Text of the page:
A paradigm shift requires objectives and methodology which has to move away from the divisions between members of society and the segmented disposition of legal concerns. The path must aim toward the overall benefit of compassion and transformation of the relationship between citizens and the legal system. Instead of us against them, it is all of us together seeking a solution in each area of law that has a long term, mutually beneficial solution Too much to hope for? Not at all, as is being demonstrated by lawyers all over the country. We are conditioned to an adversarial system where the resolution may be satisfactory for the moment and can produce satisfaction for one or a few of the parties, but not with lasting and continuous benefit to society on a larger scale.

The author details how to go through making the shift, suggesting a coach, or a therapist, or both. It is hard to believe how badly one or both are needed, but the rewards are great in the sorting-out process.

One major question always revolves around the viability of making a living in the new legal frontier. The reviews are mixed, but encouraging. The author and her wealth of contributors warn of the need for training and reorientation. But there appears to be virtual unanimity in the pronouncement that one by-product of the new legal specialty is happiness, satisfaction, peace of mind and yes, in some instances economic improvement.

The Movement is the transition from the adversarial to the restorative and the collaborative. Probably hard to conceive for those of us who are so ingrained in the stereotypical call to battle. The author starts with a chapter describing holistic law, a methodology that focuses on the spiritual aspects of a legal person's nature and to find a commonality of purpose between those with opposite interests and positions. It seems revolutionary to employ devices such as love and religion or spiritually in the process of resolving legal confrontation but it actually bears fruit more in producing a durable outcome, emotionally than a knockdown drag-out court battle...where no one wins and a bitter taste lingers.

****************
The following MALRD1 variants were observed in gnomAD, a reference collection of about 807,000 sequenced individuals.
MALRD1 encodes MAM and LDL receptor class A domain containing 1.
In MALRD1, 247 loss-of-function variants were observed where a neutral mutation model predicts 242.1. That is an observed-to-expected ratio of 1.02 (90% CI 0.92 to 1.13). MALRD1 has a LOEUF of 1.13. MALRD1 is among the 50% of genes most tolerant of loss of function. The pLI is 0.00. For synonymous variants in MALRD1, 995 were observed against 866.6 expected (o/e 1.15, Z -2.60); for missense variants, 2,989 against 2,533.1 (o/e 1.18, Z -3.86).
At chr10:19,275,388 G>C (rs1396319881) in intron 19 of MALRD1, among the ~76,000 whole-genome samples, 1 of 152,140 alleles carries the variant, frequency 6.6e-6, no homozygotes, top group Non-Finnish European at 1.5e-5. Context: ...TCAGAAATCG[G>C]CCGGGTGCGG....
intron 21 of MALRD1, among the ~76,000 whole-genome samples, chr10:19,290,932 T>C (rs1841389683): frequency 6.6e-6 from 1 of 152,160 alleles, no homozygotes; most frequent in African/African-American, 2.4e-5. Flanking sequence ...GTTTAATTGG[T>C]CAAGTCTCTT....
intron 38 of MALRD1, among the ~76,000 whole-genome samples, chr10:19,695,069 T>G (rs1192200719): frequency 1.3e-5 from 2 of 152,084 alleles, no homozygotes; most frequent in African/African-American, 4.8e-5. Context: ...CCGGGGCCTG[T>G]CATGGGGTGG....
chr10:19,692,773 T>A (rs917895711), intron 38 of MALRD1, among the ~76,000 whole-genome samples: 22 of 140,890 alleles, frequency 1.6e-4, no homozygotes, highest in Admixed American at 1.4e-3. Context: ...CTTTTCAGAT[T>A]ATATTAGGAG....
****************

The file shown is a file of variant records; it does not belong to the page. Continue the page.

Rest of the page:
There is something labeled "cooperative law," which basically starts with a determined aim toward reaching a settlement, pledging civility and cooperation. There is implicit in this approach, full disclosure of all relevant financial information, thus heading off the individual appraisal and expert opinions by obtaining joint appraisals and joint expert opinions. There is the promise to cooperate by obtaining meaningful input, for example obtaining an expert child specialist before requesting appointment of a guardian to be appointed by the court, good faith negotiation sessions and four way meetings where appropriate, to reach fair compromises based on valid information. And of course a prime requisite is cooperation by conducting oneself in a respectful, civil and professional manner.

Kim proceeds to tell those aspiring to enter the area of law how to go about making the transition. There is a step by step guide to the changes that must be undergone to reach the "promised land." Some will find it easier than others if they have a predisposition toward spirituality. And that is something that everyone in any vocation or way of life can use more of.

Kim Wright is the author of Lawyers as Peacemakers: Practicing Holistic, Problem-Solving Law,
An ABA Flagship Book and bestseller